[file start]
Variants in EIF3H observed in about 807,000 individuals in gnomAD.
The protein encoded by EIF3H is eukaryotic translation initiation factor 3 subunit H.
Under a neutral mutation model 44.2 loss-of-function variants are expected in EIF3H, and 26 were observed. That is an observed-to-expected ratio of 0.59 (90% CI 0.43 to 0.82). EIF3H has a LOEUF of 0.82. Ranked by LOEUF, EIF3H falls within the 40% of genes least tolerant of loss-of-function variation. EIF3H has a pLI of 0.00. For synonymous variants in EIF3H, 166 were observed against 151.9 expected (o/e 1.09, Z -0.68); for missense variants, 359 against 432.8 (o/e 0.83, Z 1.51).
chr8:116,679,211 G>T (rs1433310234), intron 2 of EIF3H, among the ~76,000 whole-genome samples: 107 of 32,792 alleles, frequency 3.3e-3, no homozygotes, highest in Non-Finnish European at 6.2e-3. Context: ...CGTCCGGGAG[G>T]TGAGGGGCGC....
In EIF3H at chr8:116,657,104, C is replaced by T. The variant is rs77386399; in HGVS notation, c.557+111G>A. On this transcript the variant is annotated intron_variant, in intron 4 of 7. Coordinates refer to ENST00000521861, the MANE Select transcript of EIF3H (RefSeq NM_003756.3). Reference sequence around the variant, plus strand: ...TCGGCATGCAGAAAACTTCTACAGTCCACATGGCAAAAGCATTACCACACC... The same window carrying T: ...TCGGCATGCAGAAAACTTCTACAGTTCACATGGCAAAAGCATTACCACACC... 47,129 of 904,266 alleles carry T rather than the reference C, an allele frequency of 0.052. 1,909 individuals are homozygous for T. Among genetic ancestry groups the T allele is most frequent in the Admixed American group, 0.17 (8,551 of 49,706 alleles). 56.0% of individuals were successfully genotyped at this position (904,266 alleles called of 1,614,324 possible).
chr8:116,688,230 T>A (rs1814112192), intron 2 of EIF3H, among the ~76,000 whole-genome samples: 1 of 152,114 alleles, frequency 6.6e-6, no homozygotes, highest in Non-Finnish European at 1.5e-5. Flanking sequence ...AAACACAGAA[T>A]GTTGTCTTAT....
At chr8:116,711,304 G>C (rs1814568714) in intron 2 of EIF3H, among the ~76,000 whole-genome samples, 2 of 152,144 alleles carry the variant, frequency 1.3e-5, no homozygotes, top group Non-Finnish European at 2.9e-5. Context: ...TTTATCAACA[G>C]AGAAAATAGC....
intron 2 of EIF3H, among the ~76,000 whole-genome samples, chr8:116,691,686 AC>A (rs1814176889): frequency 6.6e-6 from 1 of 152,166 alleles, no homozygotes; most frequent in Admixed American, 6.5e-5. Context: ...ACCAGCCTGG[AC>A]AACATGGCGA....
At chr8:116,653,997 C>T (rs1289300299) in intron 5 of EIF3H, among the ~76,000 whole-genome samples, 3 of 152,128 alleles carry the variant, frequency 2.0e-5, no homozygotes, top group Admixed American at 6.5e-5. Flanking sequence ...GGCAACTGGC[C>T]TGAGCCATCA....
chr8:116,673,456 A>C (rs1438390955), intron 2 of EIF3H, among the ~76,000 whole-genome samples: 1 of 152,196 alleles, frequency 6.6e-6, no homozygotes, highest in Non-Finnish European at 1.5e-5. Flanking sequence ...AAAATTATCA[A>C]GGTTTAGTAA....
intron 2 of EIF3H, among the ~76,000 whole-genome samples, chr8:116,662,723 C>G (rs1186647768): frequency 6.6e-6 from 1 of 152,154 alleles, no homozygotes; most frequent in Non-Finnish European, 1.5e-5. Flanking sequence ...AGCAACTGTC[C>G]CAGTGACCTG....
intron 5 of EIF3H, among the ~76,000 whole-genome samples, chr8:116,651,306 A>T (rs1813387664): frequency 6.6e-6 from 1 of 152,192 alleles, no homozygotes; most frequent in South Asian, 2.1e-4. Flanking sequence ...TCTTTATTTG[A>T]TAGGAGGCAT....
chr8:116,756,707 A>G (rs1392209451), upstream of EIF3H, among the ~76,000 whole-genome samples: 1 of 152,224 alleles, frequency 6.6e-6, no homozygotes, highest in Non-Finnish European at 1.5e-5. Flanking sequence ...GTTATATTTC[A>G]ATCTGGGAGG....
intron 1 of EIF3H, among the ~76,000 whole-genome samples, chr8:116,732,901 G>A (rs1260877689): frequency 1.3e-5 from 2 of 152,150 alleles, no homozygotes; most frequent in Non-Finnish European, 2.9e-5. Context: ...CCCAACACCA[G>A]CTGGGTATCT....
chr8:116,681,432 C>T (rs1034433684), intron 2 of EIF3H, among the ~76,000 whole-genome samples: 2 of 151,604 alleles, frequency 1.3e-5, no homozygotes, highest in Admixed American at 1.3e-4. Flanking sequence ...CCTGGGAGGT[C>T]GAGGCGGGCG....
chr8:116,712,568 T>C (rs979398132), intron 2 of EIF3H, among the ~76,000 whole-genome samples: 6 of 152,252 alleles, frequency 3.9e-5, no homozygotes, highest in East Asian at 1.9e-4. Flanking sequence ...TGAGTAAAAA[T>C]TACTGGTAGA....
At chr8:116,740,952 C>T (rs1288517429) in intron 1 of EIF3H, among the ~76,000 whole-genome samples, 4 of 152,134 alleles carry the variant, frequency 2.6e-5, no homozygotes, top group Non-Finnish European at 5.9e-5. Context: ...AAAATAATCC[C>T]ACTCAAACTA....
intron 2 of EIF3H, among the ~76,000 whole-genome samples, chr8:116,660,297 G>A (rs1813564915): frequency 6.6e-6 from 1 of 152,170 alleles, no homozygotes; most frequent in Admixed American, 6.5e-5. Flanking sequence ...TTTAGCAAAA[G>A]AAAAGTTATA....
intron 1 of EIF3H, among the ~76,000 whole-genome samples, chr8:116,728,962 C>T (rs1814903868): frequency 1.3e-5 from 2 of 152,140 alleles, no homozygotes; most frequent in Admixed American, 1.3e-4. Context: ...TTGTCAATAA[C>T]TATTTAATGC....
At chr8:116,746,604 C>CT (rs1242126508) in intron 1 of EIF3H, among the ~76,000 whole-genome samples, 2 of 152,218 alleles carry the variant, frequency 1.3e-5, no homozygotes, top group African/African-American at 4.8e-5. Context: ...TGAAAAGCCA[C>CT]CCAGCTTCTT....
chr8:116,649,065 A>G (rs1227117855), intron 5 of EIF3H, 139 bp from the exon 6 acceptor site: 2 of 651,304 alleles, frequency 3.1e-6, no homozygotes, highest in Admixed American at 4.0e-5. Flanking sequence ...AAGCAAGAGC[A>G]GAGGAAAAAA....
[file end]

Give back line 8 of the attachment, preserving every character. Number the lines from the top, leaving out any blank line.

intron 2 of EIF3H, among the ~76,000 whole-genome samples, chr8:116,691,686 AC>A (rs1814176889): frequency 6.6e-6 from 1 of 152,166 alleles, no homozygotes; most frequent in Admixed American, 6.5e-5. Context: ...ACCAGCCTGG[AC>A]AACATGGCGA....